It’s hard finding the perfect boat

My love affair with cruising began in the summer of 1986/87. My friends dad owned a Lidgard 42 called Renown and I was invited to spend an endless 5 weeks of summer with his family, cruising the Marlborough Sounds, Tasman Bay and Golden Bay at the top of New Zealand’s South Island.

As a 16 year old, this introduction to sailing gave me an incredible taste of the endless possibilities for fun and adventure when you had your own yacht. I dreamed from that day forwards of one day buying my own yacht, to go cruising with my family, and continue the adventure, I had tasted only briefly that summer of 1986/87.

It was the summer of 1986/87 that I spent on ‘Renown’ that Michael Fay also became a household name, when he funded New Zealand’s first challenge for the America’s Cup in Fremantle, Perth, Australia.

It’s funny how life is full of paths that cross by chance and the one-in-a-million coincidences that occur. It was the 1st of January 2012 and we were on our first summer cruising holiday on our yacht Ocean Gem 25 years later. We were anchoring at Port Fitzroy, Great Barrier Island, when I looked across the water and saw a yacht named ‘Renown’ tied up at the fuel dock.

Renown anchored at Port Fitzroy, Great Barrier Island

Surely this could not be the same yacht that led to my cruising obsession some 25 years earlier and more than 400nm south of where we now were. I approached the crew of the boat and shared my “Renown” teenage, 5-week summer cruising story and it was indeed the same yacht. The current owners had restored her to her former glory, rescuing Renown from seven years of neglect, on a mooring on Auckland Harbour. They said they had spent a lot of time and money on her restoration. I helped them fill in some of the gaps from Renown’s earlier life, as I knew she was built for the Fong family in Blenheim thatI had sailed with in 1986/87.

It was one of those days, when you take a chance and meet someone interesting. I assumed it to be a lucky sign that symbolised many safe and happy years of sailing ahead for me and my family on Ocean Gem, as we were starting our journey together on the water, 25 years after my first cruising experience.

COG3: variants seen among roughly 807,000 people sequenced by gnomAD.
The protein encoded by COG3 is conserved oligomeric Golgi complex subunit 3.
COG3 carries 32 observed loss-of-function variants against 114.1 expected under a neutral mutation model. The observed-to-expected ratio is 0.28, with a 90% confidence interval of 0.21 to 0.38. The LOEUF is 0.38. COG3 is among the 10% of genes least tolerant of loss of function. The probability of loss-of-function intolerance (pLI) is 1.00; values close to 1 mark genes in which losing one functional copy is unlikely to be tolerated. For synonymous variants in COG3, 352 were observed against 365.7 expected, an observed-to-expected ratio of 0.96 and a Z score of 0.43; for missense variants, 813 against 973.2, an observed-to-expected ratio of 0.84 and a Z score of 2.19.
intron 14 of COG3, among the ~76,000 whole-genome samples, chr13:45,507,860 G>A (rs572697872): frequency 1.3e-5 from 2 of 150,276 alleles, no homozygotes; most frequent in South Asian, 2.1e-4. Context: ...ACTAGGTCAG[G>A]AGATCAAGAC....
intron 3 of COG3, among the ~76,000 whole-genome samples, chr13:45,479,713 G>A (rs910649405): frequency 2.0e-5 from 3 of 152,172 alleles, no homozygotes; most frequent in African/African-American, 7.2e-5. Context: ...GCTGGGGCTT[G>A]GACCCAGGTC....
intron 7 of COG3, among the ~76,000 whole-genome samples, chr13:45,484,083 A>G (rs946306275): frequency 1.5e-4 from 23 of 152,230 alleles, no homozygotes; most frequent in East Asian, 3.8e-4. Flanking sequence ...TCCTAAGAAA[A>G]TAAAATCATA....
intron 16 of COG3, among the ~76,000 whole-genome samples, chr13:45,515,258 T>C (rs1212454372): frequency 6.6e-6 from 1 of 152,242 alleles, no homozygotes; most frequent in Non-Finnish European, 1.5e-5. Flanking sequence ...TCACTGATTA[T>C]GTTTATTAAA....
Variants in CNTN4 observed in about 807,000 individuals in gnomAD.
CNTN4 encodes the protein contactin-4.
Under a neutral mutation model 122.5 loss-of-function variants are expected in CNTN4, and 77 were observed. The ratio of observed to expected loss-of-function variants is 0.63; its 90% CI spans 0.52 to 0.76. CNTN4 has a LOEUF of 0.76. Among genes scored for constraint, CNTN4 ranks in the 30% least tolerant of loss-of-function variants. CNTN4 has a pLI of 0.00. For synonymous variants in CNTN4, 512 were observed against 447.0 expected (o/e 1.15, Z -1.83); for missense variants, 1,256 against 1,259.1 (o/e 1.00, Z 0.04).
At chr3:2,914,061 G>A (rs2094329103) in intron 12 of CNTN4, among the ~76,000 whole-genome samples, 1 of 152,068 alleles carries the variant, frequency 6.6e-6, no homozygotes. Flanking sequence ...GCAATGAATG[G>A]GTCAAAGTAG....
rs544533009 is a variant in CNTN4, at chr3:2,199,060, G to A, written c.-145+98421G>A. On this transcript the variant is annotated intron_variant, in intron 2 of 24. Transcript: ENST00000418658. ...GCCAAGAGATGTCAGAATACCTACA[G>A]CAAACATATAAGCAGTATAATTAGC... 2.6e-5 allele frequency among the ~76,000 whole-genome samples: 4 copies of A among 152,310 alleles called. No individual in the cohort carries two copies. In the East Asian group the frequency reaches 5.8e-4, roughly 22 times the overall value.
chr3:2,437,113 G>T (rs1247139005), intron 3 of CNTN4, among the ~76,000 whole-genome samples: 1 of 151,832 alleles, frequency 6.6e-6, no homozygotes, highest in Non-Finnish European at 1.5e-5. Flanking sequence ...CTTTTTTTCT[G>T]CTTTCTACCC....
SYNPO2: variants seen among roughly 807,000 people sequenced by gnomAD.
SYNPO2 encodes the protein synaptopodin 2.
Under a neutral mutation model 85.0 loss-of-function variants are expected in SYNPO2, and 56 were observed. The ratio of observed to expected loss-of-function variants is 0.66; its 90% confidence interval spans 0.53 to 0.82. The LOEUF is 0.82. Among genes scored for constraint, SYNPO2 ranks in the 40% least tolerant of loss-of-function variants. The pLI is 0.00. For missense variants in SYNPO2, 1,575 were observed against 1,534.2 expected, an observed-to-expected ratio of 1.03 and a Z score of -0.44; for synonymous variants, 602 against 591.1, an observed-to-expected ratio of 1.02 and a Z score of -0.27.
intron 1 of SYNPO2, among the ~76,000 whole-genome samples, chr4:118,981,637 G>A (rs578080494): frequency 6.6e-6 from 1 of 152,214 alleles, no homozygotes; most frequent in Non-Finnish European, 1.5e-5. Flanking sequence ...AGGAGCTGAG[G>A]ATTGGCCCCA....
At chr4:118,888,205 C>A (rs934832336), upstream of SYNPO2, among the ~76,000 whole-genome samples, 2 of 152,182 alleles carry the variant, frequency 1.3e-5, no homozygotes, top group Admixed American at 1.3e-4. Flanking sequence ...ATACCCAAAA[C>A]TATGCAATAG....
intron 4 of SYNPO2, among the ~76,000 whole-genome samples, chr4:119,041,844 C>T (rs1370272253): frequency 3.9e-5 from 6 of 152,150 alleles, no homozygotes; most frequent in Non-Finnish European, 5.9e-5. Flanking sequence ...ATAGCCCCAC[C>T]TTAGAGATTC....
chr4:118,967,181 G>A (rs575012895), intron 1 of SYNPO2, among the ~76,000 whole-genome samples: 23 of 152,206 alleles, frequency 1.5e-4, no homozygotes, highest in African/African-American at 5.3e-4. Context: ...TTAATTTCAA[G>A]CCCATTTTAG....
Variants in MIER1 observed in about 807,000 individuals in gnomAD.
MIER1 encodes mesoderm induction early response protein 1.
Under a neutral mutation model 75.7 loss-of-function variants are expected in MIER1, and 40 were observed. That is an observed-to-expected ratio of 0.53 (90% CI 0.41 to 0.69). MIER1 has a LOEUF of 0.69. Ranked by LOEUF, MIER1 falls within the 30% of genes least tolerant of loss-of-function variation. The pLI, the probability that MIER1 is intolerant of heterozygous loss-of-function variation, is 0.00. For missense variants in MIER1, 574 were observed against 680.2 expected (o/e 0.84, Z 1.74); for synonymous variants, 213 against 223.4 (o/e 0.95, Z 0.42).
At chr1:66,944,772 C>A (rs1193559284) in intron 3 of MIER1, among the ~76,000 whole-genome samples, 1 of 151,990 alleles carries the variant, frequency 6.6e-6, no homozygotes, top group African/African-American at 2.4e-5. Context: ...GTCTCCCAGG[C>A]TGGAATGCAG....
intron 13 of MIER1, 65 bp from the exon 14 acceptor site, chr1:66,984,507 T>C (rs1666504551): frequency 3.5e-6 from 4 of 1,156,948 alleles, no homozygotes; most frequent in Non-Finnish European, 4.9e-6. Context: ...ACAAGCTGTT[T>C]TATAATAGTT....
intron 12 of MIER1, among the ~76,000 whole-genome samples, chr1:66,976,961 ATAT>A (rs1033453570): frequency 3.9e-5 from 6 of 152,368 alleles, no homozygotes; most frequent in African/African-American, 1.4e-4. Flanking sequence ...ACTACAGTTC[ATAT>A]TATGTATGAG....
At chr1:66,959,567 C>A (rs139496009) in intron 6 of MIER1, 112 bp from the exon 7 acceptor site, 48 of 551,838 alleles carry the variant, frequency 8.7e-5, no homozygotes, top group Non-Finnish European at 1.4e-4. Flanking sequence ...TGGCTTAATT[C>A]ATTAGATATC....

Before we purchased our 1992 Beneteau 44.5 in March 2011, I had read every possible book on how to find the perfect yacht. With so many choices and so many things to consider, what helped me most was reading the tales of round the world cruisers and visiting several boat shows.

I had narrowed my choice down to a ‘40 something’ foot Beneteau, given it’s popularity with cruisers and its history as the number one production boat competing in the Atlantic Rally for Cruisers (ARC) and the Sydney to Hobart races each year. Its a yacht thats easy to sail short handed, its forgiving for novice families, roomy and easier to maintain than a wooden yacht.

Ocean Gem was the only yacht for sale that we actually looked at. It had spent its first seven years from new as a charter boat in the Bay of Islands before the current owners John and Kerry Peterson had bought and sailed her for the next 12 years. They had cruised coastal New Zealand, before doing some upgrade work in 2007 and then spending 6 months cruising the Pacific Islands.

Anchored in Mansion House Bay, Kawau Island, Hauraki Gulf on our first weekend away on Ocean Gem.

John was an Air New Zealand 747 captain. I learned within an hour of meeting John, that the quality of the yacht is a direct reflection of its owner. John went to great lengths to talk about his spare parts and maintenance programme. His knowledge of his yacht was passionate and detailed and as I started making pages of notes, I realised owning a yacht requires you to be a capable plumber, electrician, builder and all-round fix it guy – most of which I was not.

Ocean Gem was in great condition for 19 years old and priced at 60% less than the cost of buying new. I figured that if the engine, hull, rig, sails and systems were in good shape, she had to be value for money, so we purchased Ocean Gem in April 2011 and my love affair began.

A comfy saloon when anchored in wet weather

A spacious galley makes cruising enjoyable

My first introduction to anti-fouling in March 2013

This content is from my iBook – Sailing The Tasman Sea by David Hows, available in the iTunes store for $5.99.  It includes; 206 Pages, 46,055 words, 232 photos and 11 videos.